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Kidney Week

Abstract: PO2086

Importance of Continuous Blood Pressure Monitoring in CKD

Session Information

Category: Hypertension and CVD

  • 1402 Hypertension and CVD: Clinical, Outcomes, and Trials


  • Andronesi, Andreea Gabriella, Fundeni Clinical Institute, Bucharest, Romania
  • Cristache, Cristina, Fundeni Clinical Institute, Bucharest, Romania
  • Obrisca, Bogdan, Fundeni Clinical Institute, Bucharest, Romania
  • Sorohan, Bogdan Marian, Fundeni Clinical Institute, Bucharest, Romania
  • Jurubita, Roxana Adriana, Fundeni Clinical Institute, Bucharest, Romania
  • Andronesi, Danut, Fundeni Clinical Institute, Bucharest, Romania
  • Lupusoru, Gabriela, Fundeni Clinical Institute, Bucharest, Romania
  • Lupusoru, Mircea, Carol Davila University of Medicine and Pharmacy, Physiology Department, Bucahrest, Romania
  • Ismail, Gener, Fundeni Clinical Institute, Bucharest, Romania

A strong relationship exists between CKD and high blood pressure (BP), tight BP control is essential for delaying CKD progression and improving cardiovascular outcome. Automated blood pressure monitoring (ABPM) is associated with hypertension-related target-organ damage and cardiovascular outcomes compared with office-based BP in general population.


We performed a prospective study in CKD. Heart ultrasound and ABPM were performed at inclusion. Normative values for ABPM were defined according to AHA recommendation from 2019. Medical data were recorded for at least one year or until death. The aim was to analyze the correlation between ABPM and left ventricular (LV) changes and cardiovascular outcome.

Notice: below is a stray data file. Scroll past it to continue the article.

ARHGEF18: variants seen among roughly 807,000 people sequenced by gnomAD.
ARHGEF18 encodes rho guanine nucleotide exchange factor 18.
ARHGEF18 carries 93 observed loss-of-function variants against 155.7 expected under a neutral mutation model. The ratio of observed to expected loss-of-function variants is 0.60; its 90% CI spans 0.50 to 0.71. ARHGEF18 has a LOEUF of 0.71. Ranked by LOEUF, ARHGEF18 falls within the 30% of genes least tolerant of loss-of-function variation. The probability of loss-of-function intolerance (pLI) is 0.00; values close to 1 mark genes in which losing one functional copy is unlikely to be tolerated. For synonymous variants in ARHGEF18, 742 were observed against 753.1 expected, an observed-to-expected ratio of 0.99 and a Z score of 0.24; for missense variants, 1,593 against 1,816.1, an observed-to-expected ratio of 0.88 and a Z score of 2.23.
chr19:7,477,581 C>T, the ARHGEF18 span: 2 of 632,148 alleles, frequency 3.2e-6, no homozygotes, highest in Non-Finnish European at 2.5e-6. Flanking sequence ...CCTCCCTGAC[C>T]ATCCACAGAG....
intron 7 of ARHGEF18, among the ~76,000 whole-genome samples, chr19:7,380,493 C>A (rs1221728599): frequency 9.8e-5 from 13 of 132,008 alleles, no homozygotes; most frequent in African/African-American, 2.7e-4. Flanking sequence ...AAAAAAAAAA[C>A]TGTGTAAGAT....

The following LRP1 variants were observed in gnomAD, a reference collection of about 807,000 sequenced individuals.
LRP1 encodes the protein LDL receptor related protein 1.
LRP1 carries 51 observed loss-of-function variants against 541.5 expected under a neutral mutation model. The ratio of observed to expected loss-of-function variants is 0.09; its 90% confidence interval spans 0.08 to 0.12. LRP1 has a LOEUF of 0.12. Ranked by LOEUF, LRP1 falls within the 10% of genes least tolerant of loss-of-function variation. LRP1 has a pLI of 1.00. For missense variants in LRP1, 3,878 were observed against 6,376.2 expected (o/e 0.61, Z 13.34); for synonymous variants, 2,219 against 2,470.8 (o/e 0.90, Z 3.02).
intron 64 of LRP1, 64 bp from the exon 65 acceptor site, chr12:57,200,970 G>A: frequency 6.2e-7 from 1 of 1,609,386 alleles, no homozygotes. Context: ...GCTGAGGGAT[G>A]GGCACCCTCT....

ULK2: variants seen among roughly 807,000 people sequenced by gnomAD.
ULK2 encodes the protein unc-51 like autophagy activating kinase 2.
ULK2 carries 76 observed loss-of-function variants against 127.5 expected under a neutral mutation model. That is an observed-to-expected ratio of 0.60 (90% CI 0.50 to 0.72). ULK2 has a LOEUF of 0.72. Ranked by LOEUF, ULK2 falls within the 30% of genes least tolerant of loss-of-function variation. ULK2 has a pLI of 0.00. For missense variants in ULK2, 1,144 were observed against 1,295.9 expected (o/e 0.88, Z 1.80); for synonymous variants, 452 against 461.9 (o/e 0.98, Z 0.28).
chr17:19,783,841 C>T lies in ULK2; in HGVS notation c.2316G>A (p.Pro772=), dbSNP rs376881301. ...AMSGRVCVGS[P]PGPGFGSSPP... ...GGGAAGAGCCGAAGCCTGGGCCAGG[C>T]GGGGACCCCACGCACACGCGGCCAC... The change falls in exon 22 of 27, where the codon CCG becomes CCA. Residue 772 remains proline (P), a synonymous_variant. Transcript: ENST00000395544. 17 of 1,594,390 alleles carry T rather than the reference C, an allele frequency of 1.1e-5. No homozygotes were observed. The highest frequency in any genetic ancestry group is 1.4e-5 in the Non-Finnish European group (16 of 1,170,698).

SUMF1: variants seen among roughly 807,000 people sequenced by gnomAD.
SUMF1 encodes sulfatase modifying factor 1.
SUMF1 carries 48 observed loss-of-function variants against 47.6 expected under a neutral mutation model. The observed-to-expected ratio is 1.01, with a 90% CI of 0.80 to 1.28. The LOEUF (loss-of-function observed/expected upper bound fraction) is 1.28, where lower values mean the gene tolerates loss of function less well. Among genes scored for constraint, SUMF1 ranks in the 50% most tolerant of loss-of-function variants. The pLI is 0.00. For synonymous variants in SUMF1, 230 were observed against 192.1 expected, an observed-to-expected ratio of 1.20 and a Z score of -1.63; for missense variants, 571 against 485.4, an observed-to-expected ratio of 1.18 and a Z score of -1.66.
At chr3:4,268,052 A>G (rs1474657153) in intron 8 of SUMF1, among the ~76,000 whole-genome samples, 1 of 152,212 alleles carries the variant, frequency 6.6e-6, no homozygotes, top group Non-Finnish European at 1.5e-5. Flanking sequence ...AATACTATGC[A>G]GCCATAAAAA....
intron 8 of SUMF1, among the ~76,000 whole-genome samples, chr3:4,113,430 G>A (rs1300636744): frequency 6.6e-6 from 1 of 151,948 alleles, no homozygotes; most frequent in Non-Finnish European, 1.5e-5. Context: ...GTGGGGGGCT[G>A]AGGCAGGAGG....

We included 339 pts (171F, mean age 60.1±14): 15.9% stage 1/2 , 31.8% stage 3, 19.7% stage 4. 66 were in HD, 24 in PD. Prevalence of increased BP readings was higher in advanced CKD- 21.5% in stage 1/2, 56.7% in stage 5. Mean diastolic load was higher in LV hypertrophy (35.6±29 vs 19.7±19.6 mmHg, p<0.05). We found a negative correlation between mean arterial pressure (MAP) and GFR (r=-0.457, p<0.05). MAP was higher in PD compared to HD (109.1 ± 17.6 vs 98.9±9.3 mmHg, p=0.01). Serum albumin had a weak negative correlation (r=-0.245, p=0.01) and fibrinogen a weak positive correlation (r=0.266, p=0.02) with mean systolic BP, and mean LDL-cholesterol (as an indirect marker of malnutrition) was lower in non-dipper (95.4±35.4 vs. 130.5±27.2 mg/dl, p<0.05), suggesting a negative influence on BP control of malnutrition and inflammation. 225 (72.8%) were non-dipper, with 56 being extreme non-dipper. Anemia (OR 4.5, p=0.001) and C-reactive protein >10 mg/l (OR 3.7, p<0.001) induced a higher risk of non-dipper profile. We had 78 cardiovascular deaths (23.0%). Independent predictive factors for cardiovascular death were male gender, calcium x phosphate>55 mg2/dl2 and extreme non-dipper.


This study demonstrates an increased prevalence of high BP readings and non-dipper profile especially in advanced CKD. Malnutrition and inflammation were associated with non-dipper pattern and extreme non-dipper was an independent risk factor for cardiovascular death. ABPM monitoring may be useful in optimizing BP control and improving cardiovascular outcome in CKD .